The invention of the internet was both a godsend and a murderer for journalists. Over the years, the internet has allowed people to access news more easily and ditch those text-heavy print newspapers.
Humans have also used the internet to report the news in new ways to educate those who might not read a traditional newspaper about what’s going on in their world.
Looking back over the past year, it’s hard not to realize the ways that some outlets are portraying news to get people to read. The Russia/Ukraine conflict is a prime example.
BuzzFeed, a website that posts such articles like 53 Headlines You Would Only See In Canada and Neil Degrasse Tyson in Slow Motion is HIGH-larious got in on the issue. BuzzFeed articles like A 22-Step Guide to Understanding How Crimea Voted To Join Russia and Why Eastern Ukraine Might Be Next, among others, showed up in peoples’ news feeds.
This kind of approach to news might not be seen in a mainstream newspaper or news program. It isn’t intended to completely educate people about an issue, but rather give them the “fast facts”.
The internet also used the conflict to create an endless amount of memes and jokes. Russian president Vladamir Putin was often the butt of these jokes. Memes may not get the entire point across, but it forces people to look more into the origin of said meme, especially if there’s a flurry of them about the same issue. Memes tread the waters of citizen journalism, reporting news without any professional credentials.
It isn’t just the internet using certain ways to get people to consume news. Mainstream media has adopted the arts of the internet. They might use a pop culture reference to attract people.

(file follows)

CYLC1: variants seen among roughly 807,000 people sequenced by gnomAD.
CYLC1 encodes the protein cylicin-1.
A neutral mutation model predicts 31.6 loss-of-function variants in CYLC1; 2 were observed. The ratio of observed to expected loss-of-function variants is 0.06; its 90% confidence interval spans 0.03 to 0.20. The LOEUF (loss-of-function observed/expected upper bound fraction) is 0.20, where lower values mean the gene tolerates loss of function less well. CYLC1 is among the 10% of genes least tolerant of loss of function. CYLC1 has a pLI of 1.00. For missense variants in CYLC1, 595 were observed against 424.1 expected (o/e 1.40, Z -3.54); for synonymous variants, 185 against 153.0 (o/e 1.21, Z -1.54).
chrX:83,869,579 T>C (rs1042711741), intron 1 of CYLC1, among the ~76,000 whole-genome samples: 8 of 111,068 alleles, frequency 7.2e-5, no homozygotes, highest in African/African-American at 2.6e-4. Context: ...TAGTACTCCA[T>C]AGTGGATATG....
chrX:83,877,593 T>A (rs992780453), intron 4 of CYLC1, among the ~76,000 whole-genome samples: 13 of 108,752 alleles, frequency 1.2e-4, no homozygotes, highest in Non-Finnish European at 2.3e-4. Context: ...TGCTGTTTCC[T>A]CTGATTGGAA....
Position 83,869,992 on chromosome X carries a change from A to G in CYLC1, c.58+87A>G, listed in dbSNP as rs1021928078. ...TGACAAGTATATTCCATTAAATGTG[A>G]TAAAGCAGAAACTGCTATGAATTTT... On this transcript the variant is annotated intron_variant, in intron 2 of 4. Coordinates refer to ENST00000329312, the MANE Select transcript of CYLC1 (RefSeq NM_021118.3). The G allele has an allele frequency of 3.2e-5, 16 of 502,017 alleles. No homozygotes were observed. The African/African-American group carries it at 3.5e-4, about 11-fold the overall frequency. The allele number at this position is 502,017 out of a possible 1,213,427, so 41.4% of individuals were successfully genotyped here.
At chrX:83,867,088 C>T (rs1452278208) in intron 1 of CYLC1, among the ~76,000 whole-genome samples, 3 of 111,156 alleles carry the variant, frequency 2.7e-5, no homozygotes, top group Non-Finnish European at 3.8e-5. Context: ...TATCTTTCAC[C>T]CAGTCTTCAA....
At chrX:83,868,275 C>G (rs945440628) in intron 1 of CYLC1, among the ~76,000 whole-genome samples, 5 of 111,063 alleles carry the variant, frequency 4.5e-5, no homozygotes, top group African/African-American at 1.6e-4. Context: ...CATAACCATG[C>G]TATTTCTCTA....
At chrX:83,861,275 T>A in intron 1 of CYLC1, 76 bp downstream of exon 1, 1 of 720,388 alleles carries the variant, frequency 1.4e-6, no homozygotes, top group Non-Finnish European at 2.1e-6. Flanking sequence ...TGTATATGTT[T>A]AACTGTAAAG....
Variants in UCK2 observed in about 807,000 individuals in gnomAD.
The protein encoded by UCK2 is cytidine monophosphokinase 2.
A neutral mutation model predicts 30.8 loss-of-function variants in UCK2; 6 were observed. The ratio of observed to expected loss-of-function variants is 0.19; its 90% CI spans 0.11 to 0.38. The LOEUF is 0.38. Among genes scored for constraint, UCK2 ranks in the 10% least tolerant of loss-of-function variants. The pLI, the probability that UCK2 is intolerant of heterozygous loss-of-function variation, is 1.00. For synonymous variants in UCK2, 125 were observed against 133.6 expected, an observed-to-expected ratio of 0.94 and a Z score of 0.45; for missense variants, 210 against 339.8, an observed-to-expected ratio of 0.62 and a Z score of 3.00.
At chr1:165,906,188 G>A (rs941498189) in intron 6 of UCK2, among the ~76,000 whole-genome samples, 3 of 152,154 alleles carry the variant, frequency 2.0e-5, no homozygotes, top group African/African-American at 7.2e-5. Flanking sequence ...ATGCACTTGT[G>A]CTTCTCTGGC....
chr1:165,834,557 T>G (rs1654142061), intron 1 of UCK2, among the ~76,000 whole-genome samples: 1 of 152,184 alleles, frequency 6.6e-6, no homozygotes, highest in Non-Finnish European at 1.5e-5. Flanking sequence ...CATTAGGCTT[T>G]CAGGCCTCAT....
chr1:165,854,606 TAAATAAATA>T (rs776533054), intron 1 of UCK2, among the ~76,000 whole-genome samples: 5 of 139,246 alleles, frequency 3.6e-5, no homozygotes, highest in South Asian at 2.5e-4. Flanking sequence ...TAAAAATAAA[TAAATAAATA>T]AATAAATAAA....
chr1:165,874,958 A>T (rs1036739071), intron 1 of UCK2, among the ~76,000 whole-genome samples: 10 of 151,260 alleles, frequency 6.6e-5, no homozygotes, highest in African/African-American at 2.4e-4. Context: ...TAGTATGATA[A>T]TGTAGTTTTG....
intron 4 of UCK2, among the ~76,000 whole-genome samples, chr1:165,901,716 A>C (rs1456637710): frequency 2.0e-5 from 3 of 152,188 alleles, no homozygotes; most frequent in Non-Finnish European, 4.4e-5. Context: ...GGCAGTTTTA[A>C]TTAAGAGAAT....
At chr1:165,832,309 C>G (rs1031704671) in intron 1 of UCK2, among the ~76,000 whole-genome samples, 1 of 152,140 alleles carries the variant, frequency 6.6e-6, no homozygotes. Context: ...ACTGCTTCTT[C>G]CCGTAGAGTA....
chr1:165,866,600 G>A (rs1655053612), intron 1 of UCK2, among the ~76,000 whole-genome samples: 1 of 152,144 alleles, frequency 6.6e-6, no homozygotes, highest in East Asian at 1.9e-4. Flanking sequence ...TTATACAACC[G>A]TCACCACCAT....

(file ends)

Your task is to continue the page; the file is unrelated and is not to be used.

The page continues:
When South African Olympic runner Oscar Pistorius, whose legs have both been amputated, was on trial for the murder of his girlfriend, the media often referred to him as “Blade Runner”. They call him that because the prosthetic legs he uses when he runs look like curved blades and not because he’s Harrison Ford. Consider why the media would use this name in headlines instead of “Double amputee Olympic runner”.
This same tool was used when a Malaysia Airlines jet disappeared over the ocean. The internet couldn’t help but compare the tragedy to the TV show Lost to get people to click.
These methods of reporting news are affective. They use more modern approaches to get people to know what’s going on in the world. Those who live on the internet and isolated from the outside world can still have an idea of what’s going on in that inside world.
News is changing, people. It’s all about guides, lists and memes. What isn’t changing is the way that it should be consumed. Always remember to not believe everything you read and to get your news from multiple sources. Your grandparents will probably stick to their New York Times but these methods of news reporting may very well end up in traditional newspapers like that someday.